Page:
FIG. 31 is a view similar to FIG. 30, illustrating the expansion cap assembled on the cage and locking structures of the cage and expansion cap in mating engagement and with the cage expanded to form a wedge which supports the adjacent vertebrae in proper physiological alignment.
FIG. 32 is a perspective view of a pair of the implanted cages as depicted in FIG. 31, illustrating a cage link prior to assembly.
FIG. 33 is a perspective view of the cages and cage link of FIG. 32 subsequent to final assembly.
As required, detailed embodiments of the present invention are disclosed herein; however, it is to be understood that the disclosed embodiments are merely exemplary of the invention, which may be embodied in various forms. Therefore, specific structural and functional details disclosed herein are not to be interpreted as limiting, but merely as a basis for the claims and as a representative basis for teaching one skilled in the art to variously employ the present invention in virtually any appropriately detailed structure.
I. Dual Cage System with Fixed Link
Referring now to the drawings, an anterior expandible spinal fusion cage system in accordance with the invention is generally indicated by the reference numeral 1 and is shown in FIGS. 1-6. An anterior view of a human spine showing the intervertebral region 2, which is the functional location of implantation of the fusion cage system 1, between upper and lower adjacent vertebral bodies or vertebrae 3 and 4, is shown in FIG. 2.
The expandible fusion cage system 1 broadly includes a pair of substantially identical, anteriorly inserted and anteriorly expandable cages or implants 10 and 11 coupled with a cap unit or expansion module 12 by a pair of set screws or bolts 13 and 14. The description “anteriorly expandable” is used to indicate that anterior ends 15 (FIG. 4) of the cages 10 and 11 are expandable rather than posterior ends 16 thereof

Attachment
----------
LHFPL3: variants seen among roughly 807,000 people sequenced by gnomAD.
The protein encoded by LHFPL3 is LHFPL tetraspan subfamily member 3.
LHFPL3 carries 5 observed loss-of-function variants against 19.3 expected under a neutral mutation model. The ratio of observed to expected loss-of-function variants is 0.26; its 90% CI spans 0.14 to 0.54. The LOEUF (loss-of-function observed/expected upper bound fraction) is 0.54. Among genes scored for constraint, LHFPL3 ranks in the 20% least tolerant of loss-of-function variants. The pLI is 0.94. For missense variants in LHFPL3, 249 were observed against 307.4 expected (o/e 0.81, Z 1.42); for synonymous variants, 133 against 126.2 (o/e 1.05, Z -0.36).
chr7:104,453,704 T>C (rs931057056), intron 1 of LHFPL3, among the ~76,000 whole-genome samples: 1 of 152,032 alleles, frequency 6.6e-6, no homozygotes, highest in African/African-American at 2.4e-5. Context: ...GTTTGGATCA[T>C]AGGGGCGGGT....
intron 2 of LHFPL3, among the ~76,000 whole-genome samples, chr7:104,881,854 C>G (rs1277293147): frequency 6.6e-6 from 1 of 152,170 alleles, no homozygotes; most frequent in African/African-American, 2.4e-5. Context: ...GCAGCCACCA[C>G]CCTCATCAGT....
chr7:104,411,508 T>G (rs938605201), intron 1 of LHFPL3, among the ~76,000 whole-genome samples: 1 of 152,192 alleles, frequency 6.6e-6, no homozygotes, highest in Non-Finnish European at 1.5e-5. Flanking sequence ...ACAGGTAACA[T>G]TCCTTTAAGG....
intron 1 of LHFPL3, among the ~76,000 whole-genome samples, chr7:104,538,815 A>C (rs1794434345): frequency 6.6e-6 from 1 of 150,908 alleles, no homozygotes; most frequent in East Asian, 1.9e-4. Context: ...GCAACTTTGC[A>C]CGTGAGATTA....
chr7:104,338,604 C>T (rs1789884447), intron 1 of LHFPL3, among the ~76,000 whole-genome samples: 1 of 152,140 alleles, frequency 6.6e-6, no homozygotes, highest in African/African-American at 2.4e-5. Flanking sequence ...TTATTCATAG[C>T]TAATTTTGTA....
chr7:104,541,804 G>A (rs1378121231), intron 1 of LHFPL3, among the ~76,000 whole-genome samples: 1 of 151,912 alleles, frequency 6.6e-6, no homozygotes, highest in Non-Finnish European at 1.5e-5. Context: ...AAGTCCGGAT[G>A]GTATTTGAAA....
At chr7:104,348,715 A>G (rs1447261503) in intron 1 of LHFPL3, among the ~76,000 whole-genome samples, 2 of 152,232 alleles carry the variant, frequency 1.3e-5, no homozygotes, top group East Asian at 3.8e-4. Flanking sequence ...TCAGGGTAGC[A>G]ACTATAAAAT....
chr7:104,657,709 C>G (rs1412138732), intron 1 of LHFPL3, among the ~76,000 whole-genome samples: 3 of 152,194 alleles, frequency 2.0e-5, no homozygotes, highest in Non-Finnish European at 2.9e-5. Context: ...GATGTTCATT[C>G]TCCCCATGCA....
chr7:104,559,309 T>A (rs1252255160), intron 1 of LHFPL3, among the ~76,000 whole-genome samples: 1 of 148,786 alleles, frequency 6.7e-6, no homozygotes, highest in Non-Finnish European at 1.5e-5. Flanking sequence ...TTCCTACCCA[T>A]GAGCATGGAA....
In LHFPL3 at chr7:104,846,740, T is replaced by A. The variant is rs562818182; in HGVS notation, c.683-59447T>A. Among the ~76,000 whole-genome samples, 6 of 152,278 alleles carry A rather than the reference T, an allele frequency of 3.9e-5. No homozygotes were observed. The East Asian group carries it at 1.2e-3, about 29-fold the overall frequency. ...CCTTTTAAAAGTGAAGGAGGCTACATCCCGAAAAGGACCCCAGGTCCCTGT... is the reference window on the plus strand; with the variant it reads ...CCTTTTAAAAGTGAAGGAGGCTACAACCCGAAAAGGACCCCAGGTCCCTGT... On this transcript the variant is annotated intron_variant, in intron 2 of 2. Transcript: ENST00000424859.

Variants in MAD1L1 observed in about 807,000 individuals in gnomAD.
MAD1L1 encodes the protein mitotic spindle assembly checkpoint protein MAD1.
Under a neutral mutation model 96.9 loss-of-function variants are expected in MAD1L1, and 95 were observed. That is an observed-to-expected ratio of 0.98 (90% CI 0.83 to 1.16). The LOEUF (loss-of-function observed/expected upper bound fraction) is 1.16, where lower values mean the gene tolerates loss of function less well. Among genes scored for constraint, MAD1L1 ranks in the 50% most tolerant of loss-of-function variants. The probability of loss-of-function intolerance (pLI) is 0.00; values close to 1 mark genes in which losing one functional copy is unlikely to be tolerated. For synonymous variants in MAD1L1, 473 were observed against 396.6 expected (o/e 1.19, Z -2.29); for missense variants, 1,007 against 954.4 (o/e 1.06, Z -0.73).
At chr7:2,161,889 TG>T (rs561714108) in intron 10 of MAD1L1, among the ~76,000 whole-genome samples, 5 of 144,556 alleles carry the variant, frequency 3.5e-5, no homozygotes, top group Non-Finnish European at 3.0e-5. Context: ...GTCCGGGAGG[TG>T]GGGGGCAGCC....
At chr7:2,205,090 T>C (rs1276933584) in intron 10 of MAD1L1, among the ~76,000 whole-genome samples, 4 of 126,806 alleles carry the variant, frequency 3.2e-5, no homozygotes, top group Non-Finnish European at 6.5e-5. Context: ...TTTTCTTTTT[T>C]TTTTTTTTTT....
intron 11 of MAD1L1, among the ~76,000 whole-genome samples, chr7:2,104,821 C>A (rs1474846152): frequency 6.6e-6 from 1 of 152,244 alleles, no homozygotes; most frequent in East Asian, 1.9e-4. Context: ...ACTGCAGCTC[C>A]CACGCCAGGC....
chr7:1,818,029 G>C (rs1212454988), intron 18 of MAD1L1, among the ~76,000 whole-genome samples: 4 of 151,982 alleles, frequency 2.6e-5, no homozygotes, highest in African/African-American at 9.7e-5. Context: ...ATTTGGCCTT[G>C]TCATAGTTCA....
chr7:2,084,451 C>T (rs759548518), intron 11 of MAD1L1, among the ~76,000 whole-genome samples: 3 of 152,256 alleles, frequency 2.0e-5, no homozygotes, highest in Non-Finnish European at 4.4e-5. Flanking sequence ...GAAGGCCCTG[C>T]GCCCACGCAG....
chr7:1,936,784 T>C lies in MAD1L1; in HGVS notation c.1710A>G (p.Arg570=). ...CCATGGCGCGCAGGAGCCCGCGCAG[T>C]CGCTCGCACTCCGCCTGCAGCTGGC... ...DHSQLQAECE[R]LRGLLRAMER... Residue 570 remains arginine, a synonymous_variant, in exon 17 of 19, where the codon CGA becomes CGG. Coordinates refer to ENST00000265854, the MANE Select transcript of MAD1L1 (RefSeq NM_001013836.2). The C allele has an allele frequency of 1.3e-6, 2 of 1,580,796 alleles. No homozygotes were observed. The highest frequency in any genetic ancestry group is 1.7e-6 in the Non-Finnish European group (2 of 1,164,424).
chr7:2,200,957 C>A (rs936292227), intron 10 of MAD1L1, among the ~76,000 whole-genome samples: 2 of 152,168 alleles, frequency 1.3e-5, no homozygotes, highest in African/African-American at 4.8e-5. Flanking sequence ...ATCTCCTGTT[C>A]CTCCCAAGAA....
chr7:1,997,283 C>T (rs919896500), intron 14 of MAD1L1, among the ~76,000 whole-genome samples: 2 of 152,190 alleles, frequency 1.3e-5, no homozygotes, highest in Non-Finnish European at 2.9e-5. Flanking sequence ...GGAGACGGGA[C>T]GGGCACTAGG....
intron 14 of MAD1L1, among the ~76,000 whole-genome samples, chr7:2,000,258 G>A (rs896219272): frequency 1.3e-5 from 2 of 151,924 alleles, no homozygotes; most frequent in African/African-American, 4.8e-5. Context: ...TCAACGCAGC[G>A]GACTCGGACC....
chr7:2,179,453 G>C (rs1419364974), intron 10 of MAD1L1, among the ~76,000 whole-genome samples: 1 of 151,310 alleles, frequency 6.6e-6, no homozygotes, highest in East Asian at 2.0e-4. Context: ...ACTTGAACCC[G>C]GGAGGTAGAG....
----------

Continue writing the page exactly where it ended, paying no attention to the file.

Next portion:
Each of the implants 10 and 11 presents a generally truncated cylindrical overall configuration that is generally U-shaped when viewed from the side, having a horizontal central axis A extending the length thereof. An open-sided central chamber 20 is defined by a pair of spaced apart curvate top and bottom walls or legs 21 and 22, each having an outer surface 23 and 24. The walls 21 and 22 are apertured by a plurality of radial ports or windows 30, which open into the central chamber 20. The outer surfaces 23 and 24 include partial threads 31 which are interrupted by the windows 30.
The top and bottom walls 21 and 22 are coupled in spaced relationship by an enclosed rear wall, plate or web 32 having a central, threaded bore 33 and relieved corners. A front portion 34 of each of the cages 10 and 11 includes upper and lower margins 40 and 41 framing inwardly curved, upper and lower neck portions 42 and 43, each terminating at a shoulder 44 and 45. Each cage front 34 opens into an associated central chamber 20.
The cages 10 and 11 are designed with curvate or arcuate top and bottom walls 21 and 22 so that the cages 10 and 11 can be received in respective cylindrical grooves, which are predrilled into the inferior and superior surfaces, respectively of the pair of adjacent vertebral bodies 3 and 4. Those skilled in the art will appreciate that the cages may also be of a more generally rectangular configuration for implantation by tapping into the intervertebral region 2, or they may be constructed in any other geometric configuration which is suitable for implantation in an intervertebral region 2.
The expansion module 12 includes a pair of identical rectangular expansion caps or wedges 50 and 51 intercoupled in parallel alignment by a generally rectangular link 52. The link 52 is preferably recessed a distance of from about one to about five millimeters from faces 53 of the expansion caps in order to maintain an overall flush anterior profile of the implanted cage system 1. Those skilled in the art will appreciate that in certain forms the link 52 may also connect the caps 50 and 51 at a slightly convergent or divergent angle (that is the axis of the cages 10 and 11 may toe in or converge or toe out and diverge from the anterior side or may even be skewed relative to each other), such that when the cages 10 and 11 are installed at corresponding angles, the cages 10 and 11 will be more difficult to disturb and also preferably provide a slight loading or bias to the cages 10 and 11 during tightening of the caps 50 and 51 to further stabilize the intervertebral cage system 1.